Tim Donk
Tim Donk

“This situation is a mess,” said Tim Donk, vice president of product. “There will be up to a 35% increase in costs. It could add 120 pounds to a dresser.

“We’re staying on this and watching it closely,” he added. “As things develop, we’ll be as agile as possible. We will probably have to re-SKU all existing bedrooms. There’s liability all the way down.”

Donk said the CPSC needs to supply the industry with more direction. “The ‘sunny’ part is that the CPSC hasn’t totally established what compliance means. There are no labs to certify testing. There’s just not enough information.

“We just want a realistic deadline,” he said. “We’re talking about millions of pieces of furniture.”

Like A-America, promotional to mid-price importer Elements International says it is possible to re-engineer product in time for the deadline, but it will be tight.

Mike Wurster
Mike Wurster

“I think meeting the deadline is probably possible,” said Mike Wurster, president. “Getting the testing done will be hard. Third-party testing will be used. We have good relationships, but not perfect. Tens of thousands of SKUs will have to be tested.”

Wurster said the rule will create logistical issues, notably increased costs and greater risk of worker injury.

“For ocean freight, it won’t add cost for us, but for domestic trucking it would be a problem,” he said. “Weight is a component of charge. The main place of concern is safety of teams that are handling boxes. If it endangers employees and customers, it doesn’t feel like the right rule.”

Wurster says the rule will drive the price of furniture up, alienating buyers.

“It’s going to cost more to make furniture. And by making furniture more expensive, people are likely going to buy less furniture and hold on to old furniture longer. The effect of the rule on safety will probably be negligible. If you make furniture more expensive, it’s not good for consumers.”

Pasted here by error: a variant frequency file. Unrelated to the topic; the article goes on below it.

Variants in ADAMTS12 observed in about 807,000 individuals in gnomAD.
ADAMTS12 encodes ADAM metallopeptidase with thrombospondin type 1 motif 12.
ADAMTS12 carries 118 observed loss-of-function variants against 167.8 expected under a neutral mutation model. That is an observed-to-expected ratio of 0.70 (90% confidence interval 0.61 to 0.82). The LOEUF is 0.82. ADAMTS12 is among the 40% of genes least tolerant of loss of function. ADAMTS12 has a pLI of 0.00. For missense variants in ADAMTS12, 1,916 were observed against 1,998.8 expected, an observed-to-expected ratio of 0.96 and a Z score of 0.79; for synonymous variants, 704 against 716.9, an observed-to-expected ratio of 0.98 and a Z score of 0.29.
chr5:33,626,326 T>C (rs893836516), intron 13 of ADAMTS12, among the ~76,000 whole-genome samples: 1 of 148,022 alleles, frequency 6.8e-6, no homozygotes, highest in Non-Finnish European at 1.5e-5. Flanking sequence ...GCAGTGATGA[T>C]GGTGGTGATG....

Neil McKenzie, director of product development at the high-end Hekman Furniture, says there’s still lots of uncertainty.

“Due to the uncertainty of what the final ruling will be on what is enforced, it is tough to be real specific,” he said. “But we do feel Hekman will be better positioned than many due to our scale and current weights. Some limitation to the drawer opening will likely be necessary. We are watching developments closely and weighing options to mitigate the final ruling.”

Speaking on background, a spokesperson for a furniture retailer said the CPSC severely underestimated the cost this would add to furniture.

“The CPSC goes through a rulemaking process,” the spokesperson said. “They had to provide a cost-benefit analysis (lives equal money when calculating, a 5-year-old is worth x amount, etc.) but they underestimated the costs required for the industry to implement this standard. They have lab technicians and government employees that are disconnected from the furniture industry and don’t understand all of the intricate variables in our supply chains.

“The new standard is extremely rigorous. It could take 80 to 160 lbs. of additional counterweight to pass this standard. That adds tons of costs. A $299 nightstand is now $499.

“They didn’t factor in other costs either. Carbon emissions go up when heavier furniture is being moved. Injuries in the warehouse go up. There will be more injuries with children when a case inevitably does fall on them as furniture will weigh more.”

The CPSC rule goes into effect May 24. Beyond that date, furniture manufacturers and suppliers will have to comply.